Conway’s game of Life is a type of cellular automata. It is simple enough to use on a monochrome display. The game is set on an infinite plane however computer implementations often use a toroidal universe due to memory and display limitations. A torus is simple to understand, roll a sheet of paper into a tube and this shows the idea in one dimension. Connecting the ends of the tube makes the x and y direction continual. A more advanced treatment can be seen with manifolds.

Image result for CONWAY GAME OF LIFE

In mathematics, a manifold is a topological space that locally resembles Euclidean space near each point. More precisely, an n-dimensional manifold, or n-manifold for short, is a topological space with the property that each point has a neighborhood that is homeomorphic to the Euclidean space of dimension n.


  • Any live cell with fewer than two live neighbours dies, as if by underpopulation.
  • Any live cell with two or three live neighbours lives on to the next generation.
  • Any live cell with more than three live neighbours dies, as if by overpopulation.
  • Any dead cell with exactly three live neighbours becomes a live cell, as if by reproduction.

These rules, which compare the behavior of the automaton to real life, can be condensed into the following:

  • Any live cell with two or three live neighbours survives.
  • Any dead cell with three live neighbours becomes a live cell.
  • All other live cells die in the next generation. Similarly, all other dead cells stay dead.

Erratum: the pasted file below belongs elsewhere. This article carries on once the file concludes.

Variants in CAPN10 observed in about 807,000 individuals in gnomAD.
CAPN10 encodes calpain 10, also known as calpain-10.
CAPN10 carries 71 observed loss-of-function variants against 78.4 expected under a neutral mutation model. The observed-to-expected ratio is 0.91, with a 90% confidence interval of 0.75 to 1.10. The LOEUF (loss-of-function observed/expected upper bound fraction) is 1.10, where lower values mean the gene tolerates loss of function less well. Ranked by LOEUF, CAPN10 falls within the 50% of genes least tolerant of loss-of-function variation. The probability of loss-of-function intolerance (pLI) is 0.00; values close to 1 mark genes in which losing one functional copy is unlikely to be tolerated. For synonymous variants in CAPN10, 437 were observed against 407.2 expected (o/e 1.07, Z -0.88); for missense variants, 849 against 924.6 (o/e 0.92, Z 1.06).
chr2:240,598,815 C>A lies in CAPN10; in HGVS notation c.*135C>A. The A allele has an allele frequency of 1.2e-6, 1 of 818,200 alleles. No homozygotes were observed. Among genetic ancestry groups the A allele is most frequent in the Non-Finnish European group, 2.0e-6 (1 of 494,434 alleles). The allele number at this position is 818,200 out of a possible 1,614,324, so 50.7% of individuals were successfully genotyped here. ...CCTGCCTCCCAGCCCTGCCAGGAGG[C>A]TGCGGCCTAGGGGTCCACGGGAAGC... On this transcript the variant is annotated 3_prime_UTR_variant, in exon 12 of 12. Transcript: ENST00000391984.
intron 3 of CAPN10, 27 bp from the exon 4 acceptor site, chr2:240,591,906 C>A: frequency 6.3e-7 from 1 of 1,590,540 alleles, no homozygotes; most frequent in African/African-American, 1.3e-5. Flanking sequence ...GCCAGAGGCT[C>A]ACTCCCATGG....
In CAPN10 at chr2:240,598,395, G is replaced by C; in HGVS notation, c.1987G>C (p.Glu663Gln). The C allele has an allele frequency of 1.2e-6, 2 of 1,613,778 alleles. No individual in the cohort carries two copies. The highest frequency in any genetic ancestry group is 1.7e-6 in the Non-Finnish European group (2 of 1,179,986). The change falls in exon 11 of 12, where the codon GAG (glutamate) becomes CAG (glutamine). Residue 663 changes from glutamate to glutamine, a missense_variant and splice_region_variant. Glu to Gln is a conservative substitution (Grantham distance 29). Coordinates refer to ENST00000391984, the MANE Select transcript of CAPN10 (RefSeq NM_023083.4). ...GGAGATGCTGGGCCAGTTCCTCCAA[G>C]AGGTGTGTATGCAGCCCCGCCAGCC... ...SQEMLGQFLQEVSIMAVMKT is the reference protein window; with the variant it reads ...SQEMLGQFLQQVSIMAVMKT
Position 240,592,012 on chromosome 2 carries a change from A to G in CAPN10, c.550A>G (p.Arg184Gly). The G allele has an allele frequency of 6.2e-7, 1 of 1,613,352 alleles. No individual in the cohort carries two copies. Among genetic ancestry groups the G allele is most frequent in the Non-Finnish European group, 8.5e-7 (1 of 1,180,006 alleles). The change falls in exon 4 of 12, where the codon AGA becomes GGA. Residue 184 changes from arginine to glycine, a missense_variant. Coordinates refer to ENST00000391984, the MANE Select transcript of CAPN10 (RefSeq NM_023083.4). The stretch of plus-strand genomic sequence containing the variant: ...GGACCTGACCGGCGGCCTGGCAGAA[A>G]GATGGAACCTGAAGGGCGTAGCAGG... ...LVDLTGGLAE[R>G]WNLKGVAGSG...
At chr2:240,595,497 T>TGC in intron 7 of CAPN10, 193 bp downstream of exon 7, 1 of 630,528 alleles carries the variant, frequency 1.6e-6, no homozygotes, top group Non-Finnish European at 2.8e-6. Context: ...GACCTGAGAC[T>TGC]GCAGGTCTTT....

It should be noted that RAND is a pseudo random number. Random numbers are important in many areas but the designers neglected to address this problem. RAND simply returns a 0 or 1 to handle the rules of Life. This game and many others depend on good random numbers which has been a field of study of its own.

Following the rules it is not too hard to build a game of Life for your mainframe. Many mainframe machines were running the simulation which was a popular diversion from the day today drudgery.


#include <stdio.h>
#include <stdlib.h>
#include <unistd.h>
#define for_x for (int x = 0; x < w; x++)
#define for_y for (int y = 0; y < h; y++)
#define for_xy for_x for_y
void show(void *u, int w, int h)
	int (*univ)[w] = u;
	for_y {
		for_x printf(univ[y][x] ? "\033[07m  \033[m" : "  ");
void evolve(void *u, int w, int h)
	unsigned (*univ)[w] = u;
	unsigned new[h][w];
	for_y for_x {
		int n = 0;
		for (int y1 = y - 1; y1 <= y + 1; y1++)
			for (int x1 = x - 1; x1 <= x + 1; x1++)
				if (univ[(y1 + h) % h][(x1 + w) % w])
		if (univ[y][x]) n--;
		new[y][x] = (n == 3 || (n == 2 && univ[y][x]));
	for_y for_x univ[y][x] = new[y][x];
void game(int w, int h)
	unsigned univ[h][w];
	for_xy univ[y][x] = rand() < RAND_MAX / 10 ? 1 : 0;
	while (1) {
		show(univ, w, h);
		evolve(univ, w, h);
int main(int c, char **v)
	int w = 0, h = 0;
	if (c > 1) w = atoi(v[1]);
	if (c > 2) h = atoi(v[2]);
	if (w <= 0) w = 30;
	if (h <= 0) h = 30;
	game(w, h);